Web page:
The favourite or the underdog – the psychology of competition

One thing we love about competitive sport is observing how different individuals and teams respond in different situations. How do they perform under pressure, how do they cope with adversity, how do they manage their own and other’s expectations? Also, how do they respond to being the favourite or the underdog?

What is an underdog?

The weaker of two competitors, or anyone not expected to win a competition

As well as not being expected to win, we might also expect the underdog to be well beaten in their competition. On paper you’d pick the favourite to win over the underdog as the statistics will point in favour of the favourite. However, on the odd occasion we see the underdog pull off a surprise win. So let’s take a quick look at why this might happen.

The advantage of the underdog

Despite being marked as the potential loser, the underdog actually has a number of advantages in their favour.

The underdog has nothing to lose

Being in the position of no-one expecting you to win puts you in a position of strong psychological advantage. Why? With little or no pressures of expectation, the underdog can focus on what really matters – performing.

Being the underdog can be a powerful motivator

For some, being tagged as an underdog might turn into a self-fulfilling prophecy. Potentially we believe that we’re inferior, which could be detrimental to performance. Yet for others, it can be a powerful driver, encouraging them to work even harder than their opposition and take them by surprise.

The disadvantage of the favourite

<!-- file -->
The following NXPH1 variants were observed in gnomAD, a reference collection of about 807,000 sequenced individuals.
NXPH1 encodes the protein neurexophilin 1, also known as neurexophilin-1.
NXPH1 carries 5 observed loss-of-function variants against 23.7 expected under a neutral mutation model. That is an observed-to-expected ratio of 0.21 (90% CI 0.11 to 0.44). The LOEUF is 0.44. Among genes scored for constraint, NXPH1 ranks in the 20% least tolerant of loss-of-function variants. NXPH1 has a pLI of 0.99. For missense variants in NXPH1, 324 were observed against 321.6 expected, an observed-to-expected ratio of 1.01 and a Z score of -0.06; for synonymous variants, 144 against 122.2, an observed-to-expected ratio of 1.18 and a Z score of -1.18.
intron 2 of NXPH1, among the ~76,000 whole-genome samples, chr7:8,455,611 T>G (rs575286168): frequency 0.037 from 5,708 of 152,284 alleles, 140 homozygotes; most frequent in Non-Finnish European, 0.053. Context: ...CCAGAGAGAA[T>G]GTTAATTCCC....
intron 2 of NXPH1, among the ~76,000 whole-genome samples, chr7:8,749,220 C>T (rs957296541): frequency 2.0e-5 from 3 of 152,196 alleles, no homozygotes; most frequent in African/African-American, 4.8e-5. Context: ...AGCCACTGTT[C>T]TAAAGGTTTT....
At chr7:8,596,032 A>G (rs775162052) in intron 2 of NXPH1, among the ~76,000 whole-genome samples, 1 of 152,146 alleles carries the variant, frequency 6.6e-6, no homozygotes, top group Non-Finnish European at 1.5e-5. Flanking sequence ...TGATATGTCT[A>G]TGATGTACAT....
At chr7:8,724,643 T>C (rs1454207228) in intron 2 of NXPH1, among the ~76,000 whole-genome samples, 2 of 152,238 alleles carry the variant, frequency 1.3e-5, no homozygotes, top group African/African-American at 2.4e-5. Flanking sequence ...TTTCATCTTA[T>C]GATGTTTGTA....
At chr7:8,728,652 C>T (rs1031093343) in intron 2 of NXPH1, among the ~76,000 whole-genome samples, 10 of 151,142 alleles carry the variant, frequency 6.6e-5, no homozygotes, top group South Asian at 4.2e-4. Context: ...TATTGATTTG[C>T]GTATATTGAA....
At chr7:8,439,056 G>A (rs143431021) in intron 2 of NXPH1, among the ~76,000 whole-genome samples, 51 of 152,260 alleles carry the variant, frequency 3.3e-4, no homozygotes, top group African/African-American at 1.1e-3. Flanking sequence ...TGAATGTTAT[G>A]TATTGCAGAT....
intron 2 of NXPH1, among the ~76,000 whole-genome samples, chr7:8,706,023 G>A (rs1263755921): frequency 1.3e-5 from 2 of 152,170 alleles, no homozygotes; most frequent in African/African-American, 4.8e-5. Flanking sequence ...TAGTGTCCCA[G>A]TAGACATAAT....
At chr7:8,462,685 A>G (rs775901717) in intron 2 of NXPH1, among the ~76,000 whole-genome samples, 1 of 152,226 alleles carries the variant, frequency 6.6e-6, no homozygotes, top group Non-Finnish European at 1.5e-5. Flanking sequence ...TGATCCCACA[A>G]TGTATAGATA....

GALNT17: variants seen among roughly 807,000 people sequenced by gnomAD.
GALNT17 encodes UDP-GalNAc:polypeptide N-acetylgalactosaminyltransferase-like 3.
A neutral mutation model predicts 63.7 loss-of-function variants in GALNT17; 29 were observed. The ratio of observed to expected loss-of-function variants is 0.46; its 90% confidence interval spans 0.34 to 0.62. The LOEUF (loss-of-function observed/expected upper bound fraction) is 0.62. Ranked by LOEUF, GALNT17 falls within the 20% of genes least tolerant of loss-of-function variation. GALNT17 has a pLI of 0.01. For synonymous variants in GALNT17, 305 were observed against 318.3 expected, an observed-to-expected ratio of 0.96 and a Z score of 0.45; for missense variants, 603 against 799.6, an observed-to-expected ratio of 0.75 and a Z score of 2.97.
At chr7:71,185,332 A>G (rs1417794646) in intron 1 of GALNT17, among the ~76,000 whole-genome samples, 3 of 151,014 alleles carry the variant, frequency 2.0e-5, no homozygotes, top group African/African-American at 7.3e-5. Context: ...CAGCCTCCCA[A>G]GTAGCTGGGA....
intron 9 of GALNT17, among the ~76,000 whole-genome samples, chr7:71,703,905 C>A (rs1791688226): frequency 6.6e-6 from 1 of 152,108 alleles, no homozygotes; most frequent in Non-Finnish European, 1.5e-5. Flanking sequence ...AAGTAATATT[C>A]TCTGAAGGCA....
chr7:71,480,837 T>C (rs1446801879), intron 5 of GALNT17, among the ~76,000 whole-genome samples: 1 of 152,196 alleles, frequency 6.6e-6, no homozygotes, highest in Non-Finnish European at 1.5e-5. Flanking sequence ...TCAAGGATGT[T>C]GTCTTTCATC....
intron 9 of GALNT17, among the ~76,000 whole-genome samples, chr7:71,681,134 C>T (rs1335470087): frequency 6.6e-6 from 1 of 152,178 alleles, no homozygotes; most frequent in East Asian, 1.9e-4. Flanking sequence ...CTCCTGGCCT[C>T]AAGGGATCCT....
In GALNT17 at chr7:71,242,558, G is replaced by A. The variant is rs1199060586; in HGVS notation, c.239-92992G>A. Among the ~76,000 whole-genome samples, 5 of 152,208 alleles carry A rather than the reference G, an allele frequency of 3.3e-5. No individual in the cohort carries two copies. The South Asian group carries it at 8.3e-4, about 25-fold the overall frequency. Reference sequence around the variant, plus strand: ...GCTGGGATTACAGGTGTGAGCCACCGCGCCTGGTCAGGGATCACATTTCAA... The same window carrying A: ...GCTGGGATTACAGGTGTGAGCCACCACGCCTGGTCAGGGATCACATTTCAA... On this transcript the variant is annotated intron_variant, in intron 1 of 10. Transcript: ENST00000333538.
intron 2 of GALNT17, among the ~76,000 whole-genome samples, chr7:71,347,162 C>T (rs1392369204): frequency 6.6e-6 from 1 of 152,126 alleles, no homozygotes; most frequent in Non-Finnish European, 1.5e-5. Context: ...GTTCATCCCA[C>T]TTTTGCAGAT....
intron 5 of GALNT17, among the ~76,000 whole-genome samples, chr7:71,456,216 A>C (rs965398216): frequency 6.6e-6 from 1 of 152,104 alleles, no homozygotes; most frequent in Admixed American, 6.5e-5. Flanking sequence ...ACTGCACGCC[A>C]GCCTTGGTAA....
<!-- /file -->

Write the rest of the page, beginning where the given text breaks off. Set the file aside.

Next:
Being tipped as the champion in advance of the competition can have its disadvantages.

The pressure and expectation is much greater

Your expectation of yourself, your team and of others is potentially a lot greater when you face an underdog. On paper, you’re the one who is expected to win, so the expectation is that you’ll be successful. However, we see lots of examples in sport where the favourites have cracked under the pressure and the underdogs reap the rewards.

There is a lot more a stake

The favourites have a lot more to lose than the underdogs. The thought of losing to an individual or team who is supposedly weaker than you is not one that many people like to think about. Adding to that, if there is a big prize at stake such as money, a trophy, a championship title then the favourites can potentially be distracted.

What are your thoughts on this topic? Let us know what you think, especially if you have your own experiences of underdog vs favourites psychology!

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